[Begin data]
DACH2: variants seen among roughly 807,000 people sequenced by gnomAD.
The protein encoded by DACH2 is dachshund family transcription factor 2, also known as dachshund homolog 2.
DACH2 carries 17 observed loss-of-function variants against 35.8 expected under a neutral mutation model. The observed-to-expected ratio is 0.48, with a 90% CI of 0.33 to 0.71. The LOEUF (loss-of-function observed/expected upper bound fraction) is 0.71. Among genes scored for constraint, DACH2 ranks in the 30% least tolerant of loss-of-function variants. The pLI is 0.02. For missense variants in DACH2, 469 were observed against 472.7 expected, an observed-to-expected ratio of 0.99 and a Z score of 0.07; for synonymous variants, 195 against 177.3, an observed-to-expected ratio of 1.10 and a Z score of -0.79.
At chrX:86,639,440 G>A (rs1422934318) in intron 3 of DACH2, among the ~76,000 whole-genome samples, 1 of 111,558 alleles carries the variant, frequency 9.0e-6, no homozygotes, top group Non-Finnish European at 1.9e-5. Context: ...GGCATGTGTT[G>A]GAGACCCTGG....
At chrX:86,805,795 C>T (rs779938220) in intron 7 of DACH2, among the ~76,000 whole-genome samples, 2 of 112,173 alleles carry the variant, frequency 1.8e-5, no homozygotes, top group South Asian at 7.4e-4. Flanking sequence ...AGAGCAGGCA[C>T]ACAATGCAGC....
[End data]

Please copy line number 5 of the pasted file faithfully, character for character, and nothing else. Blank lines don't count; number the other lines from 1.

At chrX:86,805,795 C>T (rs779938220) in intron 7 of DACH2, among the ~76,000 whole-genome samples, 2 of 112,173 alleles carry the variant, frequency 1.8e-5, no homozygotes, top group South Asian at 7.4e-4. Flanking sequence ...AGAGCAGGCA[C>T]ACAATGCAGC....